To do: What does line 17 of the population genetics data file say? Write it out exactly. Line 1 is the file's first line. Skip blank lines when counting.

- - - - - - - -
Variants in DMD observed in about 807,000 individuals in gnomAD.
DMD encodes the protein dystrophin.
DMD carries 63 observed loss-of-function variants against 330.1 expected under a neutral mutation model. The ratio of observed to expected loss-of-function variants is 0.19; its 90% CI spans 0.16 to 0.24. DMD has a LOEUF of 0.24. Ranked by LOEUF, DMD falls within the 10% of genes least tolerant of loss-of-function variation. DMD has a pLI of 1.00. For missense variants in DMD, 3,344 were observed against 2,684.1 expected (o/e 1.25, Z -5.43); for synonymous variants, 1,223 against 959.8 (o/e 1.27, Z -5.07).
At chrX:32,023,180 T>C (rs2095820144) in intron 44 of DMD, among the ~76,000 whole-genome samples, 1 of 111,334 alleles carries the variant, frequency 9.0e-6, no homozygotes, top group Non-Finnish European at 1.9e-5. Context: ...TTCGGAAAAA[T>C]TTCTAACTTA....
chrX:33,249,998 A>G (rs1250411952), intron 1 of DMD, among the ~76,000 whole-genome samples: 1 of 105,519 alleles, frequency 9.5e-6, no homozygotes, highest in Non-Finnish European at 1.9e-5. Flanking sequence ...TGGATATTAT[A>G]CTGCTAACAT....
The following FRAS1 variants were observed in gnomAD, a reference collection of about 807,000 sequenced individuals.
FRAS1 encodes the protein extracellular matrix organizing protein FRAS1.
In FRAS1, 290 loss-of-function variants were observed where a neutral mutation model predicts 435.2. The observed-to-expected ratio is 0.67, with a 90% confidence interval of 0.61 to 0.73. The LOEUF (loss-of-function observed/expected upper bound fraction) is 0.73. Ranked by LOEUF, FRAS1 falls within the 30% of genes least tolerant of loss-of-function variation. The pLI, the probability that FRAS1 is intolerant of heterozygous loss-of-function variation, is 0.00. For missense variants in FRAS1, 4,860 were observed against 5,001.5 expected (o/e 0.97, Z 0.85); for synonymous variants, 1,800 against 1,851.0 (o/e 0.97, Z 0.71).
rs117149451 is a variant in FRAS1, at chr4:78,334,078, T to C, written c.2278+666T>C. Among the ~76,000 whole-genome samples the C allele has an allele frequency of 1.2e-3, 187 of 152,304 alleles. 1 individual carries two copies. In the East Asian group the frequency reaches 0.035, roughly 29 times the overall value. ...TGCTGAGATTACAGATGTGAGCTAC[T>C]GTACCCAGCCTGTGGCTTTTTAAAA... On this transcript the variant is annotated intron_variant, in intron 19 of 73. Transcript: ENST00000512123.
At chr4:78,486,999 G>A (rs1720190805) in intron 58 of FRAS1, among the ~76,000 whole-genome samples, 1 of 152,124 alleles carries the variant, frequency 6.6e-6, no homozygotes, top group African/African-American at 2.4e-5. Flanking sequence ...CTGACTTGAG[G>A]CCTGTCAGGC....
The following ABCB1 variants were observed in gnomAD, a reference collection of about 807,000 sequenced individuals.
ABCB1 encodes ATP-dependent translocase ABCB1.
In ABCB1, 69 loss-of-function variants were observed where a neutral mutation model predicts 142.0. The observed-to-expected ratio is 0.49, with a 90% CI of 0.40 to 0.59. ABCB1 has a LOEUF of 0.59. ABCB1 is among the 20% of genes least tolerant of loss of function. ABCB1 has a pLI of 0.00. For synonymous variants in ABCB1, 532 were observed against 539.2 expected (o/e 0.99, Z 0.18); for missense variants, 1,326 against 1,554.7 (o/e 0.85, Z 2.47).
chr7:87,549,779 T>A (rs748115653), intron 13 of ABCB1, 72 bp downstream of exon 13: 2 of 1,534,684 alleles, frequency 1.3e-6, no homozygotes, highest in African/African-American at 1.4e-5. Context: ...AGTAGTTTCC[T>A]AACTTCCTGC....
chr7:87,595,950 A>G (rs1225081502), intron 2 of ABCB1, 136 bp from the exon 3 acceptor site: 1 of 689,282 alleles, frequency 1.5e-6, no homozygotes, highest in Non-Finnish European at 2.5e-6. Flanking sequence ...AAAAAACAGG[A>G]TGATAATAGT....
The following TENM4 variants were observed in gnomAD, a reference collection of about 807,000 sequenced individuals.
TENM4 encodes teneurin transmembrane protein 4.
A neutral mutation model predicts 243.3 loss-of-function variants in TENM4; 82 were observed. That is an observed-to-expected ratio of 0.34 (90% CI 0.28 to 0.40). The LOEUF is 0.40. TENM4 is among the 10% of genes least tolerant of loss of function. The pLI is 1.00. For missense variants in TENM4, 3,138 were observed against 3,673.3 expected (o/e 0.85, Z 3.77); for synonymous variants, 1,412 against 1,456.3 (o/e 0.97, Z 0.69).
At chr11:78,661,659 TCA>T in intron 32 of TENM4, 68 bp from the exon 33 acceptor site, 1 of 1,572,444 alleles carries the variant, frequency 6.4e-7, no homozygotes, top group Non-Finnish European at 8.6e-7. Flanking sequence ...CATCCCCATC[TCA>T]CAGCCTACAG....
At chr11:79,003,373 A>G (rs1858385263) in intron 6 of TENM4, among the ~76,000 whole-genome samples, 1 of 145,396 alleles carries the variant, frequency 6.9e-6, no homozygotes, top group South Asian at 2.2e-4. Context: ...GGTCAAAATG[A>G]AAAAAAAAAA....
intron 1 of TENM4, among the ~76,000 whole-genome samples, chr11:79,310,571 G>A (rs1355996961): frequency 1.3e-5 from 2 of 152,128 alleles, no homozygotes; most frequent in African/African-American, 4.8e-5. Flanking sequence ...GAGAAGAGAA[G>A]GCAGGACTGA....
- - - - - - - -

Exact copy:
TENM4 encodes teneurin transmembrane protein 4.